TAKING CHARGE- WELL BEING IN OUR OWN HANDS

Mother carrying her child

Health is interpreted as a state of physical well-being but good health is a combination of a healthy body along with a healthy mind. Health has an impact on the resilience of a society, it’s living standards and productivity.
In a country as diverse as India, a majority of its population – especially girl children are undernourished.  Being victims of micronutrient deficiencies and anaemia, malnutrition prevails in its most acute form.

The causes for malnutrition in children can be fundamentally categorised into three substantial rationales – namely immediate, underlying and basic. The immediate causes are a result of poor diet and diseases like HIV, measles, hookworms and various infections like diarrhoea amongst others. The underlying causes pertain to food insecurity, unhygienic living conditions and inadequate health services but the fundamental causes are a result of calamities, poverty, and lack of information and inadequacy of resources.

Irrespective of their dwellings, the underprivileged and the poor end up facing the critical challenge of nutrition shortage. Poor surroundings and lacks of fresh and pure air, sunlight and greenery result in unhygienic environment around the slums. Regardless of regulations on child labour, children work in glass factories, leather industries, brick industries, etc. and end up in a harmful atmosphere. All this can lead to fatal infections like malaria, measles and diarrhoea and in turn precipitate acute malnutrition and aggravate the existing nutritional deficit. Though the government has set up various schemes and programs in this regard but due to lack of awareness, the poor and the under privileged usually remain unaware of the benefits they can entail.

Malnutrition in the expecting mothers is a big contributing factor to the existing state of poor health of the young generation. Their diet is usually inadequate in both quantity and quality. This leads to complications in pregnancy and birth resulting in health conditions of the new born. Many a times their illiteracy and ignorance can be blamed as families are either unaware or choose to ignore the dietary requirements of the expecting mother. Inequitable distribution of food in the family is seen frequently in India. This is primarily due to gender inequality in the society.  In most of the poor households, females and preschool children end up receive less food than the economically active male members.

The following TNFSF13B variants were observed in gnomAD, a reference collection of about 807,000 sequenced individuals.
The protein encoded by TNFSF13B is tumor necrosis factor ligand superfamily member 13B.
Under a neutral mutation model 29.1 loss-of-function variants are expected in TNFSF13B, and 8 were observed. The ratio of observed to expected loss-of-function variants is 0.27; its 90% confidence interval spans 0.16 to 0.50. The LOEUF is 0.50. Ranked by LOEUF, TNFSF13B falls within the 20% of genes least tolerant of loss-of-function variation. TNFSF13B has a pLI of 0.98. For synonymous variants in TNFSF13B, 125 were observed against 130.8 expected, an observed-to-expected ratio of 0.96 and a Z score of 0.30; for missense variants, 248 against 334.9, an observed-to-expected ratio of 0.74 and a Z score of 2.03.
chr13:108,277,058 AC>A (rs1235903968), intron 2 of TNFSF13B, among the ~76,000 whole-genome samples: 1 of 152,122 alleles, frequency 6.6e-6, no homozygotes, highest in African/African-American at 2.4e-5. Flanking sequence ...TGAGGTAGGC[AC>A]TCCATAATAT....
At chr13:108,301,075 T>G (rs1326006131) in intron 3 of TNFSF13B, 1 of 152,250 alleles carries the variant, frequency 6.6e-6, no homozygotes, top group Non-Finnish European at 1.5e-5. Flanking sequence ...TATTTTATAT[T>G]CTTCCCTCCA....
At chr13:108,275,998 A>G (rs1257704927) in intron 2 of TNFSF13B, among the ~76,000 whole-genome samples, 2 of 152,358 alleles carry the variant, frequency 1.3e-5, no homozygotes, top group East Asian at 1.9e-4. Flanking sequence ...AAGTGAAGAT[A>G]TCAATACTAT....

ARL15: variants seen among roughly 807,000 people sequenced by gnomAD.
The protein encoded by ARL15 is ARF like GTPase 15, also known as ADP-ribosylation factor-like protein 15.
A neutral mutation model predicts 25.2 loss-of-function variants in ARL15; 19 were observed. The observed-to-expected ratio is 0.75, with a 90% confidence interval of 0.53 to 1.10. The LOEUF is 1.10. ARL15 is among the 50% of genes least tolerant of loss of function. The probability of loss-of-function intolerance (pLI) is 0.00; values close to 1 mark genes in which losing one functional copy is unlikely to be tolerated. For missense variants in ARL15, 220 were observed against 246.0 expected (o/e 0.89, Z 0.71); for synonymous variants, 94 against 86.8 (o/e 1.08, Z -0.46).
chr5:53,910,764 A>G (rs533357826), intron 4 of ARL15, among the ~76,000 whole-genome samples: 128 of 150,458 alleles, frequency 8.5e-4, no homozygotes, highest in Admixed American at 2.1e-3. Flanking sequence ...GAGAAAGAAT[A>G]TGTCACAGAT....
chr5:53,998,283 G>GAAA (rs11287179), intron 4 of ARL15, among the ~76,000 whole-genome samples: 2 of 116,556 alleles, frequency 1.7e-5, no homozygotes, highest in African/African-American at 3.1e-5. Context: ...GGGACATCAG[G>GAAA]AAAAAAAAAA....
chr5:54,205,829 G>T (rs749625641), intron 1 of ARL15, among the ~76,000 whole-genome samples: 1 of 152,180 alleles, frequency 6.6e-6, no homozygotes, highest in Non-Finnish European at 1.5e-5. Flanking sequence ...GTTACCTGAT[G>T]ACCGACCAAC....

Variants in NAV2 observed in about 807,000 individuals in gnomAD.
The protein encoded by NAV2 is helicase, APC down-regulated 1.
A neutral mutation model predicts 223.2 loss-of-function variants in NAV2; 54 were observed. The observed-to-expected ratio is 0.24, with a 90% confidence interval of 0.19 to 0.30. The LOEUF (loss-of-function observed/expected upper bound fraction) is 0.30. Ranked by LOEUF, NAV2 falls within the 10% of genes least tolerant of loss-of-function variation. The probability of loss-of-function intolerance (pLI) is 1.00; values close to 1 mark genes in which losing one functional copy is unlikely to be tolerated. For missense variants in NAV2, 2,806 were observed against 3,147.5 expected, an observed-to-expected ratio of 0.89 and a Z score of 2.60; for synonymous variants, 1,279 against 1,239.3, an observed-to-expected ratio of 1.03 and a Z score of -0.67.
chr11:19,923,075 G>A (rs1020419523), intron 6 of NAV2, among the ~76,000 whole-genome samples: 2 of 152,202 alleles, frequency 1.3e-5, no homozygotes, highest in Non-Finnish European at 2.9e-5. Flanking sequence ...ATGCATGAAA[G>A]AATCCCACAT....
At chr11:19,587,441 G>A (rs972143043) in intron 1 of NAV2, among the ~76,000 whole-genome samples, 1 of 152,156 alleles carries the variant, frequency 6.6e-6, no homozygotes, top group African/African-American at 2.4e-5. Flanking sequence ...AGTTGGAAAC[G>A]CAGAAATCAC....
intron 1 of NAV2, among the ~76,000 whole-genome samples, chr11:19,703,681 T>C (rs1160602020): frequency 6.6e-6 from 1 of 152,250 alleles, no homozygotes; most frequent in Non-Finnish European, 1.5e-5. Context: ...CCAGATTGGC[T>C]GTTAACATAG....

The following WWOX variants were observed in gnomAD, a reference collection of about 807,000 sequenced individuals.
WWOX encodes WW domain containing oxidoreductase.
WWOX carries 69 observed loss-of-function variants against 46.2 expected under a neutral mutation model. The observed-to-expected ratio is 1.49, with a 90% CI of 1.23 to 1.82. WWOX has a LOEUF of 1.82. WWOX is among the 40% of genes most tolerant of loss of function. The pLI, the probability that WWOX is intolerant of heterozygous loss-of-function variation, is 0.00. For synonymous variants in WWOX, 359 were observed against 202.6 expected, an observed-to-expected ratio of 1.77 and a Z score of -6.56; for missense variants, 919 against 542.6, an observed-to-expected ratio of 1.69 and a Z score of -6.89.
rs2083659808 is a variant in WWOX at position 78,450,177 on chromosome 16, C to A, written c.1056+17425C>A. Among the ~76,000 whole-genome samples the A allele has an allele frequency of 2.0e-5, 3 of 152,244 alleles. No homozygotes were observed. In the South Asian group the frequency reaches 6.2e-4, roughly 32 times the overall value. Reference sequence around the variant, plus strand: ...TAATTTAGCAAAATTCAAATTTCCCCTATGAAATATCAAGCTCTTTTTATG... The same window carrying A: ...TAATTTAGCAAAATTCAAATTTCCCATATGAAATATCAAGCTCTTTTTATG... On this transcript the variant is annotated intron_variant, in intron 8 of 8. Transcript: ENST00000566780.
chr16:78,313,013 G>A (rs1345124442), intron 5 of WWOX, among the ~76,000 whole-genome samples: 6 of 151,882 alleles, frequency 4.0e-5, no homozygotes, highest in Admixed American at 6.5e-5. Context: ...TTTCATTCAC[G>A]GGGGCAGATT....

There is a need to inject new energy into efforts to improve people’s nutrition nationwide. A plethora of steps are being taken towards this goal. One such measure taken up is the Midday meal scheme, enabling the poor children to be given food in their respective schools. This has not only led to children being well fed but has also promoted children to attend schools regularly. In a bid to tackle the countrywide public health threat of intestinal worm infections in children, India’s first National Deworming Day took place on the 10th February 2015. This has consequently helped in deworming more than 100 million children every year. Under the Sustainable Development Goals, India has also promised to end all forms of malnutrition by 2025. This addresses the internationally agreed targets on stunting and wasting in children less than 5 years of age and the nutritional needs of adolescent girls and pregnant women.

A good health care system can go a long way in preventing malnutrition in the society. Nutrition intervention addressing the ignorance of proper healthcare and nutrition requirements are needed. Moreover, Self Help Groups (SHG’s) and NGOs can be empowered by the government to help protect the nutrition requirements of women and girls. Attention also needs to be paid to understanding what prevents the nation from achieving its goals related to nutrition. For its part, civil society must respond in a responsible manner. Thus eliminating poverty, education and spreading awareness is the key to ending malnutrition in all its forms. Consequently, this will lead to a healthier and productive society and the economic development of our nation.

Smile Foundation has been been profoundly working on the improvement of health among children, To know more about there initiative please visit https://www.smilefoundationindia.org/smile_on_wheels.html

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Author

Kritee Agarwal

Kritee is an avid volunteer at Smile Foundation, studying in Class XI pursuing commerce with maths. She's a dreamer, travel enthusiast and music lover driven to make the most of life that she can.

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